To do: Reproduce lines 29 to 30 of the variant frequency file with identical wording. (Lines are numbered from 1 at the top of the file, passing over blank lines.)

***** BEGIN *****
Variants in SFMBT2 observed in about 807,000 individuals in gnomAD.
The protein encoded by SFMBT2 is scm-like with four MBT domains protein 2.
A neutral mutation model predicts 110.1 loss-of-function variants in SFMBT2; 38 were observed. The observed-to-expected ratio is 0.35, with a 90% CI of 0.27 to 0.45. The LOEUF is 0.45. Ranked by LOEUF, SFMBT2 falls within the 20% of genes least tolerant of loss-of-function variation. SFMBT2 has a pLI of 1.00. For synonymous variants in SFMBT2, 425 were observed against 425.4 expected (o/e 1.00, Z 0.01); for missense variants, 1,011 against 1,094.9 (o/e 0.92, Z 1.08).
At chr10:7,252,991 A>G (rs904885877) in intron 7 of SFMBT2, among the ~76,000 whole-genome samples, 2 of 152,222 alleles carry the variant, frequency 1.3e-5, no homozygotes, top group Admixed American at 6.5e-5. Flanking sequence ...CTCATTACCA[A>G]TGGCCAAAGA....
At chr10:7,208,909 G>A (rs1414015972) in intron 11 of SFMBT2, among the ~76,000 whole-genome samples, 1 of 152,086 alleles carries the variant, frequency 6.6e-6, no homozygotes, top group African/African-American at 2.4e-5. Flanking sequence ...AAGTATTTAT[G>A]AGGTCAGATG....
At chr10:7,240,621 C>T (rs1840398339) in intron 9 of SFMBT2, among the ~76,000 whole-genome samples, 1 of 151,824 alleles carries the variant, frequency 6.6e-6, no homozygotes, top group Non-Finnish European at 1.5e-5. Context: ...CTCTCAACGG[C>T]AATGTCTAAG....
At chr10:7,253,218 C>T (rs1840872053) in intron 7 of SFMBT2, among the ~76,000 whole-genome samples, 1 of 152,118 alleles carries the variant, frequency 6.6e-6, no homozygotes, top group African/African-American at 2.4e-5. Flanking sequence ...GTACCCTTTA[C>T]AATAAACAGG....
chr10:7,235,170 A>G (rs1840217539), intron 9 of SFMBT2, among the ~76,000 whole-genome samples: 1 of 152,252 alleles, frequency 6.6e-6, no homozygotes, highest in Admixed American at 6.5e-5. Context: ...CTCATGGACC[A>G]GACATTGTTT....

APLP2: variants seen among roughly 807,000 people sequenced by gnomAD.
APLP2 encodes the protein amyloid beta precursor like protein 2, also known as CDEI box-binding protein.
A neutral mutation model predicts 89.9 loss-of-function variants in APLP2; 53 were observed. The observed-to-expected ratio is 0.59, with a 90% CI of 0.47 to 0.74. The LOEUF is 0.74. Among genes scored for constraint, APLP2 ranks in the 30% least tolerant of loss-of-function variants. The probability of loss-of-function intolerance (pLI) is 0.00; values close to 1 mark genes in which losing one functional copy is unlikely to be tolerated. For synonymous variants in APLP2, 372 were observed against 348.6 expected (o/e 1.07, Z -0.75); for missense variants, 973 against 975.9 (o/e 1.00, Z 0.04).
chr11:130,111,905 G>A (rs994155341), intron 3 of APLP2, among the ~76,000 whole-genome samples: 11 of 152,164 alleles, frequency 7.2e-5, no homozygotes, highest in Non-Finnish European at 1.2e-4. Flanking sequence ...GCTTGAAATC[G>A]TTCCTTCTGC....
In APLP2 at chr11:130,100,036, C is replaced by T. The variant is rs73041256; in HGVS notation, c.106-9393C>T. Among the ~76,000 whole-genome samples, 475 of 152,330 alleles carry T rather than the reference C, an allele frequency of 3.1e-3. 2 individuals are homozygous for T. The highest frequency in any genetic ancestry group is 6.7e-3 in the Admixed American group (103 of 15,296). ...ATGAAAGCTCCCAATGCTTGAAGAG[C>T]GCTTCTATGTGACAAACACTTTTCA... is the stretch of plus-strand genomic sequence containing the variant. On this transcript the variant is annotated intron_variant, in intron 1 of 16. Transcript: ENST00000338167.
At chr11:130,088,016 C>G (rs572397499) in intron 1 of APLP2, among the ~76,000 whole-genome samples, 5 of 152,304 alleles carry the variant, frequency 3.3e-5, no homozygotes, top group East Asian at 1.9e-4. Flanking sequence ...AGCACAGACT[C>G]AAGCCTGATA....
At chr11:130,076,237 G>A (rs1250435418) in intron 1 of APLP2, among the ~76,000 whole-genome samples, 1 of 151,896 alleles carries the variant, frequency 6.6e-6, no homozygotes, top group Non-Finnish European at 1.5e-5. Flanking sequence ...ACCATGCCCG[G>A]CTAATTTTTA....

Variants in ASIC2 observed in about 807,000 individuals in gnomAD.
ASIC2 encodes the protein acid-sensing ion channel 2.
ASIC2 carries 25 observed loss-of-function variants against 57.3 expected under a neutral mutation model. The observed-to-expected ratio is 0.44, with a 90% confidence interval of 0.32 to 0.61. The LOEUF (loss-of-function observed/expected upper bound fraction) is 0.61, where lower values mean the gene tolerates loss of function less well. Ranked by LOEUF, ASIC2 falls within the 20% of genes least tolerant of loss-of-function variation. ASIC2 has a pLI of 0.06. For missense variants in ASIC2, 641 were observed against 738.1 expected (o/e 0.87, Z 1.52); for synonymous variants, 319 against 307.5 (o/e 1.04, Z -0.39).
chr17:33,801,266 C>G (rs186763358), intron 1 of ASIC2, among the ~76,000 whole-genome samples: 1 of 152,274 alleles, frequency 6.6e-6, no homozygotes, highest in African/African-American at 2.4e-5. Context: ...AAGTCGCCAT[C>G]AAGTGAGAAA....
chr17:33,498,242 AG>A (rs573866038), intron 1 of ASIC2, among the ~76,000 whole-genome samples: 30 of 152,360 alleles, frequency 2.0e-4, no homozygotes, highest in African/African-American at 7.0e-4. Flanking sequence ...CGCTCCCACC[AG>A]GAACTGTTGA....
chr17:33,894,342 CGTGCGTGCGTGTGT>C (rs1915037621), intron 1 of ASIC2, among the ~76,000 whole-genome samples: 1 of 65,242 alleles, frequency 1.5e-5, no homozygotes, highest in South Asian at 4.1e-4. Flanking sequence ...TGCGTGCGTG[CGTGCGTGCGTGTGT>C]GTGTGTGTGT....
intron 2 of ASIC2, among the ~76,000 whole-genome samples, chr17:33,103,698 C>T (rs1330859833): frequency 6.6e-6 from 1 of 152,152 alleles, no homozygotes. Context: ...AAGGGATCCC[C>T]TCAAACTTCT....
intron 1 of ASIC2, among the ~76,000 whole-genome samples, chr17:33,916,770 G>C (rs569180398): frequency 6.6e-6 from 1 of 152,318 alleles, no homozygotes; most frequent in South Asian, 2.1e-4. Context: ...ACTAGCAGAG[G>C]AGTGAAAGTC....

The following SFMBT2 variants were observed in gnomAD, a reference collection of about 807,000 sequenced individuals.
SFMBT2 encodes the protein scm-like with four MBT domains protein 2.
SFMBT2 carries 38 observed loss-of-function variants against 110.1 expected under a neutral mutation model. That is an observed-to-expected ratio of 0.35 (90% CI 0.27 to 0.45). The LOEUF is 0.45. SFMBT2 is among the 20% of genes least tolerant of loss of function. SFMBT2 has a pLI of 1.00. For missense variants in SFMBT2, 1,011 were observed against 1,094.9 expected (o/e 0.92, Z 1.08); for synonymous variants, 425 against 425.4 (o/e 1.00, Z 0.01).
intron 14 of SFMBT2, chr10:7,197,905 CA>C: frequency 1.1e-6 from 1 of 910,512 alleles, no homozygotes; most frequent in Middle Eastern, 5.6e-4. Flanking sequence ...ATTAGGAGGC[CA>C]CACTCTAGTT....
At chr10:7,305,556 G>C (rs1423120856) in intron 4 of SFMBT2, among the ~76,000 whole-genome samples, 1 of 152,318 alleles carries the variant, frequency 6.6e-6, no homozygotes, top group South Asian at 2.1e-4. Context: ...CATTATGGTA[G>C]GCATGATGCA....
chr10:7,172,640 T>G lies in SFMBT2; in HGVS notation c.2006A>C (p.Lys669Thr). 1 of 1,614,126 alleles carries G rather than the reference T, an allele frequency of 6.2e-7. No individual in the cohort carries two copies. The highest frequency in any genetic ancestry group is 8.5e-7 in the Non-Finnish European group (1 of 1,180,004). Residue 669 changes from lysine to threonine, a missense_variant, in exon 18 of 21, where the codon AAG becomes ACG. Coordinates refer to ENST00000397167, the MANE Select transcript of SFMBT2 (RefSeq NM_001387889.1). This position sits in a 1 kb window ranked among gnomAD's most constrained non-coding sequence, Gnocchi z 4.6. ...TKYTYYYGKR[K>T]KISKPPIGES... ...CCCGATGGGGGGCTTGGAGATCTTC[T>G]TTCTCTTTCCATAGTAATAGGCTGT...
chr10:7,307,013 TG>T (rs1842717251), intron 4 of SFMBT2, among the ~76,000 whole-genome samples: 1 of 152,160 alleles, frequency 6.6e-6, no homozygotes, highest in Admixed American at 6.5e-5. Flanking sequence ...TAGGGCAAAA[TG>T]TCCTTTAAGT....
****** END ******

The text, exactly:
chr10:7,172,640 T>G lies in SFMBT2; in HGVS notation c.2006A>C (p.Lys669Thr). 1 of 1,614,126 alleles carries G rather than the reference T, an allele frequency of 6.2e-7. No individual in the cohort carries two copies. The highest frequency in any genetic ancestry group is 8.5e-7 in the Non-Finnish European group (1 of 1,180,004). Residue 669 changes from lysine to threonine, a missense_variant, in exon 18 of 21, where the codon AAG becomes ACG. Coordinates refer to ENST00000397167, the MANE Select transcript of SFMBT2 (RefSeq NM_001387889.1). This position sits in a 1 kb window ranked among gnomAD's most constrained non-coding sequence, Gnocchi z 4.6. ...TKYTYYYGKR[K>T]KISKPPIGES... ...CCCGATGGGGGGCTTGGAGATCTTC[T>G]TTCTCTTTCCATAGTAATAGGCTGT...
chr10:7,307,013 TG>T (rs1842717251), intron 4 of SFMBT2, among the ~76,000 whole-genome samples: 1 of 152,160 alleles, frequency 6.6e-6, no homozygotes, highest in Admixed American at 6.5e-5. Flanking sequence ...TAGGGCAAAA[TG>T]TCCTTTAAGT....